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Contemporary exhibit to turn heads at museum

2/16/2017 - West Side Leader
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By Kathleen Folkerth

Akron one of three venues for show

“The Meat Train,” by Mark Ryden, is among the contemporary works featured in Turn the Page: The First Ten Years of Hi-Fructose at the Akron Art Museum.
Photo courtesy of Mark Ryden
Martin Wittfooth’s oil painting “Incantation” is an example of the artist’s work that typically shows animals that have been used by people for some purpose.
Photo: Max Yawney, courtesy of Martin Wittfooth
DOWNTOWN AKRON — The 51 artists whose work is in the newest major exhibit at the Akron Art Museum aren’t necessarily people who consider themselves artists in the traditional sense.

Featuring artists influenced by pop culture such as Walt Disney animation, graffiti, comic books and fairy tales, as well as the Old Masters, Turn the Page: The First Ten Years of Hi-Fructose will be on display through May 7 at the museum, 1 S. Main St. It’s the second stop of a three-city tour of the exhibit, which celebrates contemporary art magazine Hi-Fructose.

“A lot of these artists are doing their own thing,” said Assistant Curator Elizabeth Carney, who noted that many of them would call themselves illustrators but shy away from the view of artists as creating art meant only for institutions.

They include artists like Shepard Fairey, who became notable for his Barack Obama “Hope” posters, and Wayne White, whose work as a set designer for “Pee Wee’s Playhouse” won three Emmy Awards.

Carney said the oldest work in the exhibit is from 2000, and all the featured artists are still living and working. The works selected for the exhibit, organized by the Virginia Museum of Modern Art, are all from private collections.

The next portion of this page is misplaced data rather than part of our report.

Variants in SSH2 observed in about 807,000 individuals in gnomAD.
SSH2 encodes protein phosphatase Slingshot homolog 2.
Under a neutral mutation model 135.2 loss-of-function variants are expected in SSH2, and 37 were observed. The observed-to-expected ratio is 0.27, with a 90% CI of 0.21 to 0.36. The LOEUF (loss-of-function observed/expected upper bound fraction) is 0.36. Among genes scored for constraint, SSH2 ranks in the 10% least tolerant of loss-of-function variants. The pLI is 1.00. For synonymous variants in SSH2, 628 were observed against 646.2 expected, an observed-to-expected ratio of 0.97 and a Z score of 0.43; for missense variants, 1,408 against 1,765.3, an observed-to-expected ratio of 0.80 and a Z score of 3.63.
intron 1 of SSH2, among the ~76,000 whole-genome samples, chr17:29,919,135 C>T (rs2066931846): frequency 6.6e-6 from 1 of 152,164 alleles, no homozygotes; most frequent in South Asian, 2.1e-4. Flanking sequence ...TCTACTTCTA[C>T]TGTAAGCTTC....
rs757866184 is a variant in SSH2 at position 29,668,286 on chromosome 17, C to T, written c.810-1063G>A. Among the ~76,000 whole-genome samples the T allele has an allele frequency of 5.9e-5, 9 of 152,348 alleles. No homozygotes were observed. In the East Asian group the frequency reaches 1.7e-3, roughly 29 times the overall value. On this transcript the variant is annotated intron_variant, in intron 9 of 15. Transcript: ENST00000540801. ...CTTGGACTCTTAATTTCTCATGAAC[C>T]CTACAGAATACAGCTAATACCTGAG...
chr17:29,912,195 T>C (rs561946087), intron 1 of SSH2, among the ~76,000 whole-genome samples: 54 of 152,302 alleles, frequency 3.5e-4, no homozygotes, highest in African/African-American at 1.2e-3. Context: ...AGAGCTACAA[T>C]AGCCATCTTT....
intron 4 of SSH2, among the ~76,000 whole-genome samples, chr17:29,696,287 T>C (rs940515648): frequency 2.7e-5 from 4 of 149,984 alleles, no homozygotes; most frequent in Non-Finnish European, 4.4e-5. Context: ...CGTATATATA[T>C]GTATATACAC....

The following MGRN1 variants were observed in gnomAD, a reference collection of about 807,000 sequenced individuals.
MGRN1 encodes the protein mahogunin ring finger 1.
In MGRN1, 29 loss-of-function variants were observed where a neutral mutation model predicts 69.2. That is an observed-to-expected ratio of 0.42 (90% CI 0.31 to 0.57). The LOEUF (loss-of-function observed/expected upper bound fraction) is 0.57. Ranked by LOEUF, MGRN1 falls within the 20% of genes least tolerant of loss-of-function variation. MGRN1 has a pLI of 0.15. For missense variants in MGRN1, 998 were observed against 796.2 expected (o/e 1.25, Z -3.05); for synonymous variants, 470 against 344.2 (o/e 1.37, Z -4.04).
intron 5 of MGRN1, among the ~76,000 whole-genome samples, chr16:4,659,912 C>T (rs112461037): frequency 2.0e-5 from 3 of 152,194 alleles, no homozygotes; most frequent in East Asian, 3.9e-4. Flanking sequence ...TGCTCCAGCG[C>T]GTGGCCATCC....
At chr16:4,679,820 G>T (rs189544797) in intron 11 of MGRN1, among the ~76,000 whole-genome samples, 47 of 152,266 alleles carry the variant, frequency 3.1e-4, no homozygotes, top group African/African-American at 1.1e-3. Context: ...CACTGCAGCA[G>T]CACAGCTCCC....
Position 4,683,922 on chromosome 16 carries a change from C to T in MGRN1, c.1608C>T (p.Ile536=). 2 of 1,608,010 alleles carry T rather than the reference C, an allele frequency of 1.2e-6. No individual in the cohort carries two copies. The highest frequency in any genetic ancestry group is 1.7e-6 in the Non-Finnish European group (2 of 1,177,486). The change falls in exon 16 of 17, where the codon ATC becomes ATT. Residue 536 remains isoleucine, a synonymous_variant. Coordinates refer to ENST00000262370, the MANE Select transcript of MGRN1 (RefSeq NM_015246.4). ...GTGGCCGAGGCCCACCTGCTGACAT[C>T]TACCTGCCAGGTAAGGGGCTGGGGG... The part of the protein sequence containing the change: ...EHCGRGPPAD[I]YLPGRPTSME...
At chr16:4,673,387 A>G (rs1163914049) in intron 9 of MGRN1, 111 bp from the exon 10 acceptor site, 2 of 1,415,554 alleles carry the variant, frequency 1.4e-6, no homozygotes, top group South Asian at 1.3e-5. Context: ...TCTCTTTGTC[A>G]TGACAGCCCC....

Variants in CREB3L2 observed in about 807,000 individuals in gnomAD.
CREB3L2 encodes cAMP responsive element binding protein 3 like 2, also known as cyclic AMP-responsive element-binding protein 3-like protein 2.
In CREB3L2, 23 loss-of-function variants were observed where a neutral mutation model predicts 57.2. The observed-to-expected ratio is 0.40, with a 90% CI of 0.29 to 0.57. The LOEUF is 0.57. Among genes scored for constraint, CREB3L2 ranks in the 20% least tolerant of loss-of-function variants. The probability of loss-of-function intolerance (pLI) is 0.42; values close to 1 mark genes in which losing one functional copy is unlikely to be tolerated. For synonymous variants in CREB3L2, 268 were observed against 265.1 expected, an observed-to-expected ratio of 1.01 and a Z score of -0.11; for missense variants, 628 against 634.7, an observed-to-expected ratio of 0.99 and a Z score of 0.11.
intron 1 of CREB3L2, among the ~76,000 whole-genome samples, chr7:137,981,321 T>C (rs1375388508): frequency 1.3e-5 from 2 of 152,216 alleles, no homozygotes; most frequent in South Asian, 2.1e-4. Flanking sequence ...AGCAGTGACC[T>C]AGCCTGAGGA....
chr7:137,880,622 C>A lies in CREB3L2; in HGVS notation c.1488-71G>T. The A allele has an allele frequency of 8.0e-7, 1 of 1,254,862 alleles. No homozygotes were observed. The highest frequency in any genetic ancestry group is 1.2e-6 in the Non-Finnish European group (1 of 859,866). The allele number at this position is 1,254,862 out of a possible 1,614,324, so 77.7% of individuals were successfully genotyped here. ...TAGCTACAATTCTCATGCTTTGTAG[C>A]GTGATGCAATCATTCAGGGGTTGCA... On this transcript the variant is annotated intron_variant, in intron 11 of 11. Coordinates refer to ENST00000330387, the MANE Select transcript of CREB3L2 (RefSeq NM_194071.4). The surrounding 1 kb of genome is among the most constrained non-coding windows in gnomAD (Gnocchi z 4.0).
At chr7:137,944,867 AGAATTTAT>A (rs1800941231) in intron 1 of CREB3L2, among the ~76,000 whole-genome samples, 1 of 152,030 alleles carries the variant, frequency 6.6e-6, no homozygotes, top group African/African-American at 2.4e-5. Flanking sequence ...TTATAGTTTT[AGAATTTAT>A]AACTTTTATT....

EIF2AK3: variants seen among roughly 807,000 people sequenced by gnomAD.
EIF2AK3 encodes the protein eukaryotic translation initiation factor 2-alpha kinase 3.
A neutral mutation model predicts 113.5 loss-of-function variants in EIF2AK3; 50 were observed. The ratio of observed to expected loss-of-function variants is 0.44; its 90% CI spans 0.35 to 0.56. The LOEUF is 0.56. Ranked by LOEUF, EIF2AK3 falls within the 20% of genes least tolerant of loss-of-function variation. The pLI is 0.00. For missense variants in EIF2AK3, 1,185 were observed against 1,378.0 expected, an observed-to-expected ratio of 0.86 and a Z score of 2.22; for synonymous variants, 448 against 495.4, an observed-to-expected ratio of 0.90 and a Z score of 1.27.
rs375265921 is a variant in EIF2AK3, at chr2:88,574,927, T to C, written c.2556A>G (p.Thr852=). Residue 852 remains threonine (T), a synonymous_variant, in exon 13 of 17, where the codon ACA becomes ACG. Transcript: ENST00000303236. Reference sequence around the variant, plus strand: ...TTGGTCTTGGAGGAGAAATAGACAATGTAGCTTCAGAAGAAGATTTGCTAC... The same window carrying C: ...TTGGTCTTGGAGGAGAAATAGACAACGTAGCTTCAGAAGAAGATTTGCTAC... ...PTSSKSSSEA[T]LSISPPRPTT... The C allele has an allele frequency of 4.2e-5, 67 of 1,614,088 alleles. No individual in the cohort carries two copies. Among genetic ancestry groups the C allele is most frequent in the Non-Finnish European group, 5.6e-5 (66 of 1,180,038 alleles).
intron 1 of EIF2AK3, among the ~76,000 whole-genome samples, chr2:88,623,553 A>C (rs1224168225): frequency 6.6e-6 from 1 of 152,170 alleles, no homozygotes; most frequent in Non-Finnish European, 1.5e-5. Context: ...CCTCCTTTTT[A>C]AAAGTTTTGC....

San Francisco Bay area artists Annie Owens-Seifert and Daniel “Attaboy” Seifert started Hi-Fructose magazine because they wanted to spread the word about art and artists underrepresented in traditional fine art institutions and media. Carney said the quarterly publication fills a need for modern artists, but it still is only able to show works within the confines of its pages or on its website and social media. The exhibit shows just how impressive the works are, she added, when seen in person.

The exhibit includes detailed pieces like Kris Kuksi’s “Eros at Play,” a mixed media assemblage that includes small toy parts and other tiny items that have been glued together and then painted to look worn. It’s accompanied in one part of the galleries by other small works, such as Brian Dettmer’s “Log 2,” in which he used a book as a sculptural medium. The old dictionary has been carved up to reveal illustrations and text.

At the opposite end of the spectrum is Martin Wittfooth’s “Incantation,” a large, intricate oil painting of an elephant adorned with flowers and a circus harness. Carney said the artist typically paints animals but includes some evidence of how they have been used by humans for some purpose.